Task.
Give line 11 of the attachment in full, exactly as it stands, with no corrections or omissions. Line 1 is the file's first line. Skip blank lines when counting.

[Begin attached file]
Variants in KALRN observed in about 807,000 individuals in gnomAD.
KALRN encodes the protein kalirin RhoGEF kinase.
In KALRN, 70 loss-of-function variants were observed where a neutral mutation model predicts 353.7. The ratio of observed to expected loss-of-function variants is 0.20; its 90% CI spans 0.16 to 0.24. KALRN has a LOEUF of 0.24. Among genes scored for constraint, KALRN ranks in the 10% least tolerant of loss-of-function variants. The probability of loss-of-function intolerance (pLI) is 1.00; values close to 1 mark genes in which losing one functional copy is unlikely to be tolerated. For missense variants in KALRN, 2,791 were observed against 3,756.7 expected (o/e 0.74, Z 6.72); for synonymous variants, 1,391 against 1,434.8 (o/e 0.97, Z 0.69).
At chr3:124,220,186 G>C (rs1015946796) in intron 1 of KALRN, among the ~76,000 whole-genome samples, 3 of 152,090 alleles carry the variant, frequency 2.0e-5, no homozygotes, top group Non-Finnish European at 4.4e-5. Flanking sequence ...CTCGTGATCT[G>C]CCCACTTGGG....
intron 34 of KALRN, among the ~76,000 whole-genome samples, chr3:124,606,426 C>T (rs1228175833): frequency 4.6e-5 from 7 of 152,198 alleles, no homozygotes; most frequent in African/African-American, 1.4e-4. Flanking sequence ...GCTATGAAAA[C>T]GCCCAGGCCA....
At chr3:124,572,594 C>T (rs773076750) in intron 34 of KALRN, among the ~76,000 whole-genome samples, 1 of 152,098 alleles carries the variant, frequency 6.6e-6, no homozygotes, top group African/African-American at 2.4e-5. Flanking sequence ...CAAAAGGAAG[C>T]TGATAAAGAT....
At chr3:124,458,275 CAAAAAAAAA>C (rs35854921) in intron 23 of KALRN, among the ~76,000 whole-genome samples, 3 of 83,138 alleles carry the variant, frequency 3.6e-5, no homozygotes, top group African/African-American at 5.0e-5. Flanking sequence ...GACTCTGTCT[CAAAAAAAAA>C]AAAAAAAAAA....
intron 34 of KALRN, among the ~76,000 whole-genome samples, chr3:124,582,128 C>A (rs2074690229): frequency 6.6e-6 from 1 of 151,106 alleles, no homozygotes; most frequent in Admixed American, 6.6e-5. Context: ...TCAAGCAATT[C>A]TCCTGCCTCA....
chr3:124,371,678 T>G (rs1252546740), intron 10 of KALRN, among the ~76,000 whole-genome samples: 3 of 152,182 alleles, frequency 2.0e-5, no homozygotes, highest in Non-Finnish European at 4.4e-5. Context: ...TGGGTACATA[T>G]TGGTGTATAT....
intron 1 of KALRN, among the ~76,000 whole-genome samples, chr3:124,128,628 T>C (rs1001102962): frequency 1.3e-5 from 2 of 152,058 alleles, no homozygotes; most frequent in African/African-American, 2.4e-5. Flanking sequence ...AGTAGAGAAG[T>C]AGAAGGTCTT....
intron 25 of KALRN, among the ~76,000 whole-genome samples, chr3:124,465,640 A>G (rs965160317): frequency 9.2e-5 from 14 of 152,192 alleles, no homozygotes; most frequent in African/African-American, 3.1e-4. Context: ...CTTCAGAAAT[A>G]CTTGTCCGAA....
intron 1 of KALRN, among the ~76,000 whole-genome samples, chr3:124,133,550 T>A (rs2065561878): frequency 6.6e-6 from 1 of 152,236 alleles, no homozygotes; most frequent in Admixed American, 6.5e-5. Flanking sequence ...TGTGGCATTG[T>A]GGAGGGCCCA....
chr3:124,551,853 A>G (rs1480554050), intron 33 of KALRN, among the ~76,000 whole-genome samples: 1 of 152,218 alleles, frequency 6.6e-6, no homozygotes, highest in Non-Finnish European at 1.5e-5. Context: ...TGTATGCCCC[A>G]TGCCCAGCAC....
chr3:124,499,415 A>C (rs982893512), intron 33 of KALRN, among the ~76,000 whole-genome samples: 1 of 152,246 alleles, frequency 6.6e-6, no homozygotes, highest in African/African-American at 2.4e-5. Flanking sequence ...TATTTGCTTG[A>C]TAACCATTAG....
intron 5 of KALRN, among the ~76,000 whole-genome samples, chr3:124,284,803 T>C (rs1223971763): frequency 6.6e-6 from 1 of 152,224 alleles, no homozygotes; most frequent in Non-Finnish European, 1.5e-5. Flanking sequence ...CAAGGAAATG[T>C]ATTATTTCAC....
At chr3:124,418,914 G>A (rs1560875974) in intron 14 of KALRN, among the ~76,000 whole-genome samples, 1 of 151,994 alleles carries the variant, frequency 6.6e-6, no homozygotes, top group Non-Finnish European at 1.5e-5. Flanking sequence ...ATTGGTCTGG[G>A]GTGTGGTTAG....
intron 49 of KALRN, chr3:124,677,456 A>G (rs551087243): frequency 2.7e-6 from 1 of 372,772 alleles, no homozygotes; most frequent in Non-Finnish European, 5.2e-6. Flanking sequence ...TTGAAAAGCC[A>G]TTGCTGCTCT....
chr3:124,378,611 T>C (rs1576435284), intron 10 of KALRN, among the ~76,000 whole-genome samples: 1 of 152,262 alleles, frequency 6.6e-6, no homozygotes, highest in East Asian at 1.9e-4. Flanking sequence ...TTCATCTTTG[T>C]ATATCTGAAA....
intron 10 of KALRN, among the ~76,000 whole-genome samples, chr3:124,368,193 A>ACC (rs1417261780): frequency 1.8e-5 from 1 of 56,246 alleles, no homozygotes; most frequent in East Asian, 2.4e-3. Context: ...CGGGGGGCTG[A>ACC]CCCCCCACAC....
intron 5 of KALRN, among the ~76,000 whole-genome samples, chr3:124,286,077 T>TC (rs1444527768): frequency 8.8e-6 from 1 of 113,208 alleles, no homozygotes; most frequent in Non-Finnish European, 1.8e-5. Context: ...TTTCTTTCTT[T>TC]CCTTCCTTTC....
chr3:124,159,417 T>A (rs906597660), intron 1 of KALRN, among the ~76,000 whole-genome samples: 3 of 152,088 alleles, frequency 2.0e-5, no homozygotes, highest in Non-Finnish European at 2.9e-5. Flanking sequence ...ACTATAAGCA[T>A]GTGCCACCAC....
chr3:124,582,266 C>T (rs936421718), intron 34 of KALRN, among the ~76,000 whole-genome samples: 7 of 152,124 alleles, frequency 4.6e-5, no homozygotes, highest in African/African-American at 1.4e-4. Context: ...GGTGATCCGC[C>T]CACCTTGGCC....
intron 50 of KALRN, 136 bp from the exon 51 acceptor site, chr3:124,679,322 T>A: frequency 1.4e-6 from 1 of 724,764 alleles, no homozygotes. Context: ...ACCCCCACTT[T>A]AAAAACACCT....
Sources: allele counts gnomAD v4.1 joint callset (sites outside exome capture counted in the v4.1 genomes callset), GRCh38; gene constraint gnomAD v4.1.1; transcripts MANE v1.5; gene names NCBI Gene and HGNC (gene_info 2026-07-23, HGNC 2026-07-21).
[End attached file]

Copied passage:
intron 25 of KALRN, among the ~76,000 whole-genome samples, chr3:124,465,640 A>G (rs965160317): frequency 9.2e-5 from 14 of 152,192 alleles, no homozygotes; most frequent in African/African-American, 3.1e-4. Context: ...CTTCAGAAAT[A>G]CTTGTCCGAA....